Now, after writing on why we switched, I’ve received a lot of emails from folks saying how their church decided to switch after reading my post. Wonderful. And then the other emails asking, “How can we gain support from other leaders? How should we present it to the church? Any issues you’ve seen?” Great questions. So, let’s go into the logistics of such a move.
Disappointment often reveals what captures our affections. Even though the disappointment is not always wrong, it does give us a gauge that shows us where we have invested our hope. Lamenting through our discontentment forces us to carry those desires back to God — even if just to question why he hasn’t given these things to us. It sheds light on the idols we have created in our lives. Through the grief, we dig up our biggest frustrations and unleash our rawest emotions. Grief graciously draws us in to wrestle with God in every wound and disappointment.
Though I sometimes wrestle with what text to preach, I never wrestle with how to preach it. I determined long ago for every sermon to be an expository one. For me, biblical preaching is expository preaching, and expository preaching is biblical preaching. Let me explain why.
Many people have a secret fear about heaven: It sounds boring to them—like an eternal choir practice, where we prance about in diapers, playing a harp and listening to Morgan Freeman read the dictionary all day. And to some people, that sounds more like hell than heaven.
My dark journey began with a phone call. The voice was calm, but the words hit like an avalanche, throwing me into a state of shock and despair. My oldest daughter was dead. Her five-year struggle with drug addiction, one that had robbed her of so much, had taken her life.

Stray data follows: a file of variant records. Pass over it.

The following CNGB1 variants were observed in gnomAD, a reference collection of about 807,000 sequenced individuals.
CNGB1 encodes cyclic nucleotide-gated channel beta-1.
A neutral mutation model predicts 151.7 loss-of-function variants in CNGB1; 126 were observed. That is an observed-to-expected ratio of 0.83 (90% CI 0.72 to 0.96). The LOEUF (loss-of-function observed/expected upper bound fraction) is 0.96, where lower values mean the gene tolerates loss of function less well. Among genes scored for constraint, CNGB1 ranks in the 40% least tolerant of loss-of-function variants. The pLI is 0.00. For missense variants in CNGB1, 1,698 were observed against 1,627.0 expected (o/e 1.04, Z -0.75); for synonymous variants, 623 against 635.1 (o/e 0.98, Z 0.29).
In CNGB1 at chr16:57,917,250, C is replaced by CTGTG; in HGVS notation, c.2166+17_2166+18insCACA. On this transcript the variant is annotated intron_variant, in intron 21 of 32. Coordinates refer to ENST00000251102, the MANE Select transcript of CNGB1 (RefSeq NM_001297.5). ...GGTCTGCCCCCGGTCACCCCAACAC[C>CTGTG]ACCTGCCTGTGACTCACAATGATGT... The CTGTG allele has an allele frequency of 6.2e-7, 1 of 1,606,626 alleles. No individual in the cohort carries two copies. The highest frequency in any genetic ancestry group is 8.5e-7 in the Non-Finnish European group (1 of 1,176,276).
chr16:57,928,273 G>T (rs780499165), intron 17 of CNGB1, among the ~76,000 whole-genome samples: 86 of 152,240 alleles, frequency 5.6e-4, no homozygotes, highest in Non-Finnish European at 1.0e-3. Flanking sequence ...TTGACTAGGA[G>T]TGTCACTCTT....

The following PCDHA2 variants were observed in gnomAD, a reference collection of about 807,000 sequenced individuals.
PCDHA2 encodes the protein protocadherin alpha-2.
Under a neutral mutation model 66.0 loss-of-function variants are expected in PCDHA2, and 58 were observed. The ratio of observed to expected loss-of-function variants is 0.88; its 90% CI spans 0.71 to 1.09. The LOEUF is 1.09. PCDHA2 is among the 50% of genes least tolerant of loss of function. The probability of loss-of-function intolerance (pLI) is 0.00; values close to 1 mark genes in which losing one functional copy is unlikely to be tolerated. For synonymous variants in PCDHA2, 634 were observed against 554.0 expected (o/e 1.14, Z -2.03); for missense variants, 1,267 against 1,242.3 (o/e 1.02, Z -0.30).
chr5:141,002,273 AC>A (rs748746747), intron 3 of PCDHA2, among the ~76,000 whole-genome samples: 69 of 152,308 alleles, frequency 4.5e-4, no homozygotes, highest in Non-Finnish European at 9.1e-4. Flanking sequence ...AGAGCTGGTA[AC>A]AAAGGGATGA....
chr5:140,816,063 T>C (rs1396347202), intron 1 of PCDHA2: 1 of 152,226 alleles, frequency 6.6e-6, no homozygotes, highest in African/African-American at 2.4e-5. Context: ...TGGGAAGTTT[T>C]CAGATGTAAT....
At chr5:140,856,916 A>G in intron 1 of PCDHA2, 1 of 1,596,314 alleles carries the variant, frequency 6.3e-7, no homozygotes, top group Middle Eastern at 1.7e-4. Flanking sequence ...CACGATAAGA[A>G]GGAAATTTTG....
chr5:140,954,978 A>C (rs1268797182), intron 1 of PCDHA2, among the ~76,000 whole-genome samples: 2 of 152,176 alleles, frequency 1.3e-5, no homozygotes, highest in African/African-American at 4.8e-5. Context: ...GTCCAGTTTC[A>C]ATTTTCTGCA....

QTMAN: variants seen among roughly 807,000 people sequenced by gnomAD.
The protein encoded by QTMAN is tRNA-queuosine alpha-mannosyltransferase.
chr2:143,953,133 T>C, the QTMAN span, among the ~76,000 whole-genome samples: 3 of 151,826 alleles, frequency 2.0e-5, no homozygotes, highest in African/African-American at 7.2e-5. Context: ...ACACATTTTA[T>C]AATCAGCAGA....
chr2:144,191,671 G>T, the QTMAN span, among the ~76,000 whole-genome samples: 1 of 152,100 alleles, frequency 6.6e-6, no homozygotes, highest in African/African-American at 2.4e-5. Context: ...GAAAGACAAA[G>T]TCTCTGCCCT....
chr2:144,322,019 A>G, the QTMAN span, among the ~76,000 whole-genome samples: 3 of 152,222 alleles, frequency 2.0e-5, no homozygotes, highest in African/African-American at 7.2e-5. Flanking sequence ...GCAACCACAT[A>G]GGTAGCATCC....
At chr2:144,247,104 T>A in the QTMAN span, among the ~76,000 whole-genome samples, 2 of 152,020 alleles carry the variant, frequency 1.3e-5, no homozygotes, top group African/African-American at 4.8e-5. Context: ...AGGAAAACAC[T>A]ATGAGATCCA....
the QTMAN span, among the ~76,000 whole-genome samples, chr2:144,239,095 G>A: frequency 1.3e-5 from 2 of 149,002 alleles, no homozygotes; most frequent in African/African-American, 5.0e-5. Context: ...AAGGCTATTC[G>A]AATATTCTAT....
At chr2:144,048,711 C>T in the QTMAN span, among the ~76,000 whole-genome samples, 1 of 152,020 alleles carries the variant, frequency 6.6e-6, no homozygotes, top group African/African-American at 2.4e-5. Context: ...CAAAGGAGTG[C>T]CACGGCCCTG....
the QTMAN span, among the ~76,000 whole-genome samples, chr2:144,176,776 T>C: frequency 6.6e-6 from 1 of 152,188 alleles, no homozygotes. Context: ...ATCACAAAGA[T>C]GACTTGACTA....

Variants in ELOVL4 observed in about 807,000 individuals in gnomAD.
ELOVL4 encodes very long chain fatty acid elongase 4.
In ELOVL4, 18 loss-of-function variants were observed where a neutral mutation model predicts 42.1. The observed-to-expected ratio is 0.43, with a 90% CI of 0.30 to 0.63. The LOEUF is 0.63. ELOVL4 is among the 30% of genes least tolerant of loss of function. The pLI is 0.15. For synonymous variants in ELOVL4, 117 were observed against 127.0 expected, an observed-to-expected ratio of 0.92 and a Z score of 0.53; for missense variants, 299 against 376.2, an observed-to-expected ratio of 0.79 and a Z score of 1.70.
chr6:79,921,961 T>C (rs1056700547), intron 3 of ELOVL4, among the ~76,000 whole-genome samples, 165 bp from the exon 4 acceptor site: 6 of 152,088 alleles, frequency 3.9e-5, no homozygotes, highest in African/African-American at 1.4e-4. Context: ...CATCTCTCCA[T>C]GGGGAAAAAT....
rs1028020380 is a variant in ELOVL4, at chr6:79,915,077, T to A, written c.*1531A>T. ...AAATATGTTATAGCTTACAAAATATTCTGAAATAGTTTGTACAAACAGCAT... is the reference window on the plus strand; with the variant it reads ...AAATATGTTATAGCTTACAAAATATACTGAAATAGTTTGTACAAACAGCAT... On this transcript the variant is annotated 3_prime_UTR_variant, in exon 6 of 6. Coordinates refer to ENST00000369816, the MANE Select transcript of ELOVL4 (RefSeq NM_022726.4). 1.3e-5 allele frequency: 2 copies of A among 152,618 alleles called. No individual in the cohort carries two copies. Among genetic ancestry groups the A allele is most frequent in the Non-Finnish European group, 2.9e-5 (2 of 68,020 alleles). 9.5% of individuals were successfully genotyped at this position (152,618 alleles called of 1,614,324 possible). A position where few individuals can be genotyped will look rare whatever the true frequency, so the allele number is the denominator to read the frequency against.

The news took my breath away.
There are times when pastors and members of small churches can feel discouraged when they look at their numbers. The people of God long to see their churches full of souls who are being saved and shepherded. It is tempting to look online at your favorite preacher’s church and see scores of people who pour into his church’s services. Our culture is consumed with results and numbers as a way of validation. There are many small time pastors who are faithful to preach the gospel and in a moment of despair ask, “Why are our pews empty? Does God not bless faithful preaching?”
A favorite from the archives:
It was the summer of 2009, and I was on the way to England to meet with some of my colleagues in the UK office of the charity I work for. And I was excited: I had never been to England (beyond a brief stop in Heathrow the year prior). My father is a British citizen, having immigrated to Canada when he was a child. Beyond the work aspect, this trip was an opportunity for me to get in touch with my roots.
But it also came at a pretty tumultuous time in my life. A few months prior to leaving, we’d lost a baby to a miscarriage, and I nearly lost Emily in the process, as well (severe complications). We were experiencing major financial strain, we were dealing with some relational tension with extended family, and I was completely overwhelmed with my work schedule. There were many days when I wished I could just sleep for 100 hours.